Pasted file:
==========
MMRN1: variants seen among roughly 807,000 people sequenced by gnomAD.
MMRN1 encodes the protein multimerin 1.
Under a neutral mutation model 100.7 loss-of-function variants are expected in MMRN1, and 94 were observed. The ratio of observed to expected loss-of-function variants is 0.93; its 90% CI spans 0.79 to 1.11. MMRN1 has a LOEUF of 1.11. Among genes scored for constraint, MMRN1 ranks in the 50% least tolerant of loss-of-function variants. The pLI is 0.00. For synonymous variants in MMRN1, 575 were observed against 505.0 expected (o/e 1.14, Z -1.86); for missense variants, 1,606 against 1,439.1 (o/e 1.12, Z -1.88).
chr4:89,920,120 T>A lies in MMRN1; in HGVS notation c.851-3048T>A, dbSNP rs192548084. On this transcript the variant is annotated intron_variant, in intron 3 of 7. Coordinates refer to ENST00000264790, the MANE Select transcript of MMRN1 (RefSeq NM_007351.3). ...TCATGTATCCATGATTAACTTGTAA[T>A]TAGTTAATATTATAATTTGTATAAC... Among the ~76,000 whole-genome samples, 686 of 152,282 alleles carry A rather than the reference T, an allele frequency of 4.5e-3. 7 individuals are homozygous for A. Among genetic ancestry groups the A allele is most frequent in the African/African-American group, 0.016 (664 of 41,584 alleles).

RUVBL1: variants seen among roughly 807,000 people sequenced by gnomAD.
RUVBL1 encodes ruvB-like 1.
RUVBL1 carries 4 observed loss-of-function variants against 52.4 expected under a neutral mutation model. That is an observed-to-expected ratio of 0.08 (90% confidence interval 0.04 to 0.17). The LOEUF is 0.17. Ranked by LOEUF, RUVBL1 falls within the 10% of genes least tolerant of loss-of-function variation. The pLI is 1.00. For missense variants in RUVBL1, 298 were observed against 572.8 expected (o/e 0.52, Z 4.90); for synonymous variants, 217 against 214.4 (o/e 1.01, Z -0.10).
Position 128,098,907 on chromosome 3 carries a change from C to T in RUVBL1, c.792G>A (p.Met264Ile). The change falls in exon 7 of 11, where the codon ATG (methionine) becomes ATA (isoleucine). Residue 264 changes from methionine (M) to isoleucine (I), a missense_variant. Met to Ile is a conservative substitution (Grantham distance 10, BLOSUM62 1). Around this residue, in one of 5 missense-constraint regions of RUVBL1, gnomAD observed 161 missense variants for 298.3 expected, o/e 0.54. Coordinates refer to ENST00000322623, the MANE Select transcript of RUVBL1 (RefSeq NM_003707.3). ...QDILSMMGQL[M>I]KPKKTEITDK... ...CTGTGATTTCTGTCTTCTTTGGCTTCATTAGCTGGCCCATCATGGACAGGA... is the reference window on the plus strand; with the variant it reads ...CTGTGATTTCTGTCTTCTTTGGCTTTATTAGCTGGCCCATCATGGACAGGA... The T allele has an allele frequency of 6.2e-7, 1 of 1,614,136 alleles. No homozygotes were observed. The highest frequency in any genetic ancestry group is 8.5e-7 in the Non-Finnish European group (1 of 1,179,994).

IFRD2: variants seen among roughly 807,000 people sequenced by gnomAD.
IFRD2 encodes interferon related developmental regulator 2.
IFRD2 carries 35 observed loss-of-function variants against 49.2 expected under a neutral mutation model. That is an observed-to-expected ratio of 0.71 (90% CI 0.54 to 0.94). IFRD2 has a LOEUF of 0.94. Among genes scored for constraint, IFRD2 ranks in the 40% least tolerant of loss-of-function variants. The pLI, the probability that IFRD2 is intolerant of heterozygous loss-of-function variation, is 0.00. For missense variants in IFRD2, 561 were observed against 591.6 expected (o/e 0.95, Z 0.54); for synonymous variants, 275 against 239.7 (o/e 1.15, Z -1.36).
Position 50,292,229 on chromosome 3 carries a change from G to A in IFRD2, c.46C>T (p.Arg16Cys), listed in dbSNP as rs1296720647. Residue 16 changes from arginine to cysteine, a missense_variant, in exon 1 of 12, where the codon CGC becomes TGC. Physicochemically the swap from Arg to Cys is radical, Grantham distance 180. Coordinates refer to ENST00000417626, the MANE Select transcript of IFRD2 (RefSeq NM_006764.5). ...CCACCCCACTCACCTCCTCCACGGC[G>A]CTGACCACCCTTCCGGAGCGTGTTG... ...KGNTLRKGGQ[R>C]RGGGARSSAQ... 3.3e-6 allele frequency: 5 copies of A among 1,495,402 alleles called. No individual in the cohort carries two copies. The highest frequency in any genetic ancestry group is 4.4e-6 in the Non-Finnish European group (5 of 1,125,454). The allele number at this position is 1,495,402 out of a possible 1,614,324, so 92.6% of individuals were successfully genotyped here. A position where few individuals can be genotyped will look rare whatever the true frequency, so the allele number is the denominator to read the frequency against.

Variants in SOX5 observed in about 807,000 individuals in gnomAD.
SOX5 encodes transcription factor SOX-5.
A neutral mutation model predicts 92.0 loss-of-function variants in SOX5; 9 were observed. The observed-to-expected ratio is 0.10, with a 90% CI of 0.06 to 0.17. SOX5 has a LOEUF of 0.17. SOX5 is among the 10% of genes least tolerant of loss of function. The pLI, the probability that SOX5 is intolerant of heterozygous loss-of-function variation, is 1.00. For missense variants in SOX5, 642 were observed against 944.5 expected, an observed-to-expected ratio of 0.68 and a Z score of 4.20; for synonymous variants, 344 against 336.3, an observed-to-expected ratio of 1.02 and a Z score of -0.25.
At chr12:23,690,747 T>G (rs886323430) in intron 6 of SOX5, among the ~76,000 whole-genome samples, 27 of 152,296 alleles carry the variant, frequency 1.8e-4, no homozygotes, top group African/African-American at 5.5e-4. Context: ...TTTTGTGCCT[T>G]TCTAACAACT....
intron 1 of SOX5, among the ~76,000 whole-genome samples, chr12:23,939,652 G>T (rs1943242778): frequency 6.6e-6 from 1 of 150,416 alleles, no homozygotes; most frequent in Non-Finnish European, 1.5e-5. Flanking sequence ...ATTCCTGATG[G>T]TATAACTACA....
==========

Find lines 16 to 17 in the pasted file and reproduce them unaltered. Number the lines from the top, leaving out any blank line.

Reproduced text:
At chr12:23,690,747 T>G (rs886323430) in intron 6 of SOX5, among the ~76,000 whole-genome samples, 27 of 152,296 alleles carry the variant, frequency 1.8e-4, no homozygotes, top group African/African-American at 5.5e-4. Context: ...TTTTGTGCCT[T>G]TCTAACAACT....
intron 1 of SOX5, among the ~76,000 whole-genome samples, chr12:23,939,652 G>T (rs1943242778): frequency 6.6e-6 from 1 of 150,416 alleles, no homozygotes; most frequent in Non-Finnish European, 1.5e-5. Flanking sequence ...ATTCCTGATG[G>T]TATAACTACA....